--Hewlett-Packard chairwoman Patricia Dunn, as she was being inducted Wednesday night into the Hall of Fame of the Bay Area Council, a business group. Reporters, by the way, were banished to the back of the room during her remarks and not allowed to talk to her.
Earlier that day, news broke that H-P considered planting spies in the offices of two news organizations that were covering the company.
H-P has stopped cooperating with the state of California's investigation into the company's questionable surveillance practices, attorney general Bill Lockyer said today. The company is planning to hold its own press conference tomorrow.
Report: Hewlett-Packard spied on board's calls
Posted by Kim Peterson at 5:32 PM
A simply bizarre story out of Newsweek: Hewlett-Packard Chairwoman Patricia Dunn hired electronic security experts to spy on the phone conversations of other board members.
Dunn reportedly suspected a director of leaking information to online news site CNet, and snooped into the telephone records of the directors' personal accounts, including their cellphones and home telephones.
Dunn and HP would not comment for the article, which was based on documents the SEC is considering whether to make public.
Tom Perkins, the "Perkins" in Silicon Valley VC heavyweight Kleiner Perkins Caufield & Byers, said he quit the board immediately upon hearing about Dunn's actions. Over the past several months he has battled HP to make public the reasons for his resignation. The person who did leak was outed, the story said, but is unnamed and continues to serve on the board. (Board of directors list here)
Update: Today the Wall Street Journal names George Keyworth as the source of the media leak. Keyworth was a former science adviser to President Ronald Reagan. The board asked Keyworth to resign, the story said, but he refused, saying that decision was up to shareholders. (Link, sub. required).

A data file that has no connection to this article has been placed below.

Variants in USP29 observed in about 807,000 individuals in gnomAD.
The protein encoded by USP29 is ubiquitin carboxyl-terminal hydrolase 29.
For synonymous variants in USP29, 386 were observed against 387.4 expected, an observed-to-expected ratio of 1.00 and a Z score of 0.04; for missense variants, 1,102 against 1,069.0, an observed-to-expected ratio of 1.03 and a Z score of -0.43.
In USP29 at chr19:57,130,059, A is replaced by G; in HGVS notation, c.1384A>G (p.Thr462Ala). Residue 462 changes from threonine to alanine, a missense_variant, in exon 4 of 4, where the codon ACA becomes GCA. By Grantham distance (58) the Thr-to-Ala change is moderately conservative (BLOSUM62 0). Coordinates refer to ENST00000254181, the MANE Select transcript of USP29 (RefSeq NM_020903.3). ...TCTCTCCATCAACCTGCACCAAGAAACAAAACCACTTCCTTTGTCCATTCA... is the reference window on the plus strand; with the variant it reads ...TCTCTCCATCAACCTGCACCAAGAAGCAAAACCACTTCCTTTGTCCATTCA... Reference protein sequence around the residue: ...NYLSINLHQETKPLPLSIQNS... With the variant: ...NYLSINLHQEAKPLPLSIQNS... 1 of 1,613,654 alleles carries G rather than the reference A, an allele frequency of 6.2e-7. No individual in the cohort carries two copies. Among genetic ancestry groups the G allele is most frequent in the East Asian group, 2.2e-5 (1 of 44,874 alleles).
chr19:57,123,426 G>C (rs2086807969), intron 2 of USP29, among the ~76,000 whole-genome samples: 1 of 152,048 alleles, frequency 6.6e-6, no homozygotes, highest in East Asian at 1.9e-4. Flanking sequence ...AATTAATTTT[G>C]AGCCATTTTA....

The world's most powerful women
Posted by Kristi Heim at 1:26 PM
Melinda Gates, co-founder of the Bill & Melinda Gates Foundation, was ranked 12th on Forbes new list of the 100 most powerful women in the world.
For the list, Forbes looked at public visibility and economic impact, which measures the size of the economic sphere the leader controls. Since the Gates Foundation's economic sphere is about to expand by about $30 billion, so will Melinda Gates' influence. But besides the money, it seems that her ideas about how to approach philanthropy and global health also play a big role.
One interesting phenomenon Forbes noted is that women are gaining power around the world. This year German Chancellor Angela Merkel displaced U.S. Secretary of State Condoleeza Rice as the world's most powerful woman. Only 53 of the women on the list were American.
In the past 12 months, Ellen Johnson-Sirleaf became president of Liberia, Michelle Bachelet president of Chile and Han Myung-sook South Korea's first female prime minister, the article noted. Meanwhile, the United States has yet to elect a woman president.
While number of high-ranking female officers in the biggest U.S. companies remained essentially flat over the last three years, the number of women running large companies throughout the world climbed to 48, up from 35 last year.
Google and Apple in the boardroom
Posted by Kim Peterson at 8:58 AM
Google Chief Executive Eric Schmidt joins Apple's board. Very interesting.
I wonder how much of this was brought about by Genentech CEO Arthur Levinson, who is also a board member of Google and Apple.
Apple's board also includes the chairman of Intuit, the chief executive of J. Crew and former Vice President Al Gore.
Google and Apple in the boardroom
Posted by Kim Peterson at 8:58 AM
Google Chief Executive Eric Schmidt joins Apple's board. Very interesting.
I wonder how much of this was brought about by Genentech CEO Arthur Levinson, who is also a board member of Google and Apple.
Apple's board also includes the chairman of Intuit, the chief executive of J. Crew and former Vice President Al Gore.